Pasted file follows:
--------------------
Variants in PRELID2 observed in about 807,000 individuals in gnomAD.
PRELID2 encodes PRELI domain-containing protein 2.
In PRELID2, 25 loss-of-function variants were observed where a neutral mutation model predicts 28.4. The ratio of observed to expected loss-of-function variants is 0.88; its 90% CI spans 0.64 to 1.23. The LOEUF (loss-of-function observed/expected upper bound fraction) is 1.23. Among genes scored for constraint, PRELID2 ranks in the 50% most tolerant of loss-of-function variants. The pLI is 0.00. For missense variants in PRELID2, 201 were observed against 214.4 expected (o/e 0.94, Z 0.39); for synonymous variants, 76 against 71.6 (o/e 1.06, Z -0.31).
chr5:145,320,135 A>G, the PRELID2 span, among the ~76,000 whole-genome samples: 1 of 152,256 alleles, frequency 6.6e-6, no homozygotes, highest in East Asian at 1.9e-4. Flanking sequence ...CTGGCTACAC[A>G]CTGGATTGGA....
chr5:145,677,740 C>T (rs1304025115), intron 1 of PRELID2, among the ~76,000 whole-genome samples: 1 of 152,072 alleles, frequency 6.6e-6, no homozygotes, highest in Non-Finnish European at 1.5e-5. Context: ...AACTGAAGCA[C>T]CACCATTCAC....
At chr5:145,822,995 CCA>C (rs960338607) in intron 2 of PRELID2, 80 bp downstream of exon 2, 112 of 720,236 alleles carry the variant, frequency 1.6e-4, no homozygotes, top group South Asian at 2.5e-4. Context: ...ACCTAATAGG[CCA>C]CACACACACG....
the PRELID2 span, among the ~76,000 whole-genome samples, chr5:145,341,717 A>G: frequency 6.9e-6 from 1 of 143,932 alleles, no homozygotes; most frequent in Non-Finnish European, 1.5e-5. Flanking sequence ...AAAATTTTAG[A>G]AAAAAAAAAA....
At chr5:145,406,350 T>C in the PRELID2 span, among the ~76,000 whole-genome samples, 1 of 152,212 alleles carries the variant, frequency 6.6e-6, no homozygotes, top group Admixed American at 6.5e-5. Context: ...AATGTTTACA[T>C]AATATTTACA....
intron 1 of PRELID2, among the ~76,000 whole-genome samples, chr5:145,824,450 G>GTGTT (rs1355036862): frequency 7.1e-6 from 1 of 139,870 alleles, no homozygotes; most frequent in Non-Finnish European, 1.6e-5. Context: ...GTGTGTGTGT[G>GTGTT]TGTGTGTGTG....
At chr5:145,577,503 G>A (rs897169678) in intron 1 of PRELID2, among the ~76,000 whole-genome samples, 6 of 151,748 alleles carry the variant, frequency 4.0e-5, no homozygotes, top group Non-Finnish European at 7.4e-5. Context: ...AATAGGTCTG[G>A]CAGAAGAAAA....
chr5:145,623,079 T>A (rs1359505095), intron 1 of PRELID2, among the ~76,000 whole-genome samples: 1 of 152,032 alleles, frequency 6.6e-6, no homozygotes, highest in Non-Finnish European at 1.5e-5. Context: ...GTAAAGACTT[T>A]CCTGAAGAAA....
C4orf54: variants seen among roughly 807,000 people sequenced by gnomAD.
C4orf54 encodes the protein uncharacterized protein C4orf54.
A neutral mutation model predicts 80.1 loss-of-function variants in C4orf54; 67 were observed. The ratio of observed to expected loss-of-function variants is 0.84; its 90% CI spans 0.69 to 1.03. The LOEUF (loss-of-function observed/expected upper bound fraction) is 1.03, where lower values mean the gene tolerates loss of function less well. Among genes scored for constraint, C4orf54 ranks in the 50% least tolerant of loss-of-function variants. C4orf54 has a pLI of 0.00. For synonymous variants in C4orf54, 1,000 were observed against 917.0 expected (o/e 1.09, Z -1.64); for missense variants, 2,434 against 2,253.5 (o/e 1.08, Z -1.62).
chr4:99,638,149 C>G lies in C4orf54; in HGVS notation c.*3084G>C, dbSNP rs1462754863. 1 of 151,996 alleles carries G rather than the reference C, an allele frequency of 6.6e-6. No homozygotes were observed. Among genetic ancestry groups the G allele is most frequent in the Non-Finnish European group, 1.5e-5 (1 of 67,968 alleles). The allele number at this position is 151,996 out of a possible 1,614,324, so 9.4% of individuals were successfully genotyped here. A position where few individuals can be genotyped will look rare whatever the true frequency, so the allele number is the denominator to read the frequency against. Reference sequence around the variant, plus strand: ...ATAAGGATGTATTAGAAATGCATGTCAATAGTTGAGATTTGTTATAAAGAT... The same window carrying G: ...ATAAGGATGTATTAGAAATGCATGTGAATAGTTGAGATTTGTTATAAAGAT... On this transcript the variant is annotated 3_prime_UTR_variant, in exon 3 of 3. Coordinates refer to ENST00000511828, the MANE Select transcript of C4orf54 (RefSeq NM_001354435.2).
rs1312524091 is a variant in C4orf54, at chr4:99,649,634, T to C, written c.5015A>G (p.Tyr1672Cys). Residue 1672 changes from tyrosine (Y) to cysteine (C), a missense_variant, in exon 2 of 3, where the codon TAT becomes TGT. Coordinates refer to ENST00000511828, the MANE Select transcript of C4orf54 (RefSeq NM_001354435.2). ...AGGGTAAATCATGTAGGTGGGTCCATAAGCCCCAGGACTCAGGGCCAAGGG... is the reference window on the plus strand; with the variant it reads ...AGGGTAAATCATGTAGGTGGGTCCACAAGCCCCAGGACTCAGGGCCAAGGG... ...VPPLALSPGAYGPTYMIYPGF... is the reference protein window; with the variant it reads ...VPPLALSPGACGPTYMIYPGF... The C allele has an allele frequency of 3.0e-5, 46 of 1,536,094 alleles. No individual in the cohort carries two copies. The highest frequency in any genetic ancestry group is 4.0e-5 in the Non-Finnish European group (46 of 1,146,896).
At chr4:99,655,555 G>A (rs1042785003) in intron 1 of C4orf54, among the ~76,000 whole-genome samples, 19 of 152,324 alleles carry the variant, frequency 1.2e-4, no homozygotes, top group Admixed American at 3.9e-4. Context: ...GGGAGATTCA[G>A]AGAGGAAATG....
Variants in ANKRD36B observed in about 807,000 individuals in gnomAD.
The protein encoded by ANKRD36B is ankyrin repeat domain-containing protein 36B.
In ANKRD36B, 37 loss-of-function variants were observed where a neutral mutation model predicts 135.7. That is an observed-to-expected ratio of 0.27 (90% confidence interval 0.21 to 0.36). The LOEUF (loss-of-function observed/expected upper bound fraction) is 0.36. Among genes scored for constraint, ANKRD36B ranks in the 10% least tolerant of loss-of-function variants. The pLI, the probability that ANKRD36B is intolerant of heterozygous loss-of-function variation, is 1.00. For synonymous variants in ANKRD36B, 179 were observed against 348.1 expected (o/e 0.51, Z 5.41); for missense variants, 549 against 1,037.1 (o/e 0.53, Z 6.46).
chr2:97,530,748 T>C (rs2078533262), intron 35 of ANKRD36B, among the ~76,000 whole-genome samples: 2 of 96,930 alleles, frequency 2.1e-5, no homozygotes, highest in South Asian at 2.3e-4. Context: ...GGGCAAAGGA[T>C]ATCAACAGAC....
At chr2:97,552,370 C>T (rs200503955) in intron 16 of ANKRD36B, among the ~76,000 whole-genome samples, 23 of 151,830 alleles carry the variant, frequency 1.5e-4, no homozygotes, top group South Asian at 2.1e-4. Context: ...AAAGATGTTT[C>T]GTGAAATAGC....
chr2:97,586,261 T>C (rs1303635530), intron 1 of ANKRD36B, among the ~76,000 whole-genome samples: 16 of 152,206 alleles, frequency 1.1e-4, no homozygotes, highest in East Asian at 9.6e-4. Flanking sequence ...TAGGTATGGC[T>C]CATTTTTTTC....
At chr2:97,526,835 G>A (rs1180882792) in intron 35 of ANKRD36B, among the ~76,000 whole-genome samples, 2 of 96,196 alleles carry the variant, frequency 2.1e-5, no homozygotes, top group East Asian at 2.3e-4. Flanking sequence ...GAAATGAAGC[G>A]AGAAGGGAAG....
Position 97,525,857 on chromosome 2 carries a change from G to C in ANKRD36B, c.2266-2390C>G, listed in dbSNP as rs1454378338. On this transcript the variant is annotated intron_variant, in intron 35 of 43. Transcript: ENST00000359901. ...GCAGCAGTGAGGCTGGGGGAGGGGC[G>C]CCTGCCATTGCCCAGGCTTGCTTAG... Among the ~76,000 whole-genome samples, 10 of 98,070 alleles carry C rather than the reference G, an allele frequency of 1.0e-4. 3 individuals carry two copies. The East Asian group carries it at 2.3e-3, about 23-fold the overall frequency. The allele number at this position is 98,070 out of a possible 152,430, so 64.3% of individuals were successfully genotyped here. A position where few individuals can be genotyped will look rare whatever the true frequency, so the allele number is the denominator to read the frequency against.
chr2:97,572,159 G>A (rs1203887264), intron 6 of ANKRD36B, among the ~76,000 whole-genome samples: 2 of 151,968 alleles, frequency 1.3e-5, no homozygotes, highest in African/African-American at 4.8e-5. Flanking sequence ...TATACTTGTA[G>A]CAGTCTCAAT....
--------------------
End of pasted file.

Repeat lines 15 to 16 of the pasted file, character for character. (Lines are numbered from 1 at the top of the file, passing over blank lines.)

chr4:99,638,149 C>G lies in C4orf54; in HGVS notation c.*3084G>C, dbSNP rs1462754863. 1 of 151,996 alleles carries G rather than the reference C, an allele frequency of 6.6e-6. No homozygotes were observed. Among genetic ancestry groups the G allele is most frequent in the Non-Finnish European group, 1.5e-5 (1 of 67,968 alleles). The allele number at this position is 151,996 out of a possible 1,614,324, so 9.4% of individuals were successfully genotyped here. A position where few individuals can be genotyped will look rare whatever the true frequency, so the allele number is the denominator to read the frequency against. Reference sequence around the variant, plus strand: ...ATAAGGATGTATTAGAAATGCATGTCAATAGTTGAGATTTGTTATAAAGAT... The same window carrying G: ...ATAAGGATGTATTAGAAATGCATGTGAATAGTTGAGATTTGTTATAAAGAT... On this transcript the variant is annotated 3_prime_UTR_variant, in exon 3 of 3. Coordinates refer to ENST00000511828, the MANE Select transcript of C4orf54 (RefSeq NM_001354435.2).
rs1312524091 is a variant in C4orf54, at chr4:99,649,634, T to C, written c.5015A>G (p.Tyr1672Cys). Residue 1672 changes from tyrosine (Y) to cysteine (C), a missense_variant, in exon 2 of 3, where the codon TAT becomes TGT. Coordinates refer to ENST00000511828, the MANE Select transcript of C4orf54 (RefSeq NM_001354435.2). ...AGGGTAAATCATGTAGGTGGGTCCATAAGCCCCAGGACTCAGGGCCAAGGG... is the reference window on the plus strand; with the variant it reads ...AGGGTAAATCATGTAGGTGGGTCCACAAGCCCCAGGACTCAGGGCCAAGGG... ...VPPLALSPGAYGPTYMIYPGF... is the reference protein window; with the variant it reads ...VPPLALSPGACGPTYMIYPGF... The C allele has an allele frequency of 3.0e-5, 46 of 1,536,094 alleles. No individual in the cohort carries two copies. The highest frequency in any genetic ancestry group is 4.0e-5 in the Non-Finnish European group (46 of 1,146,896).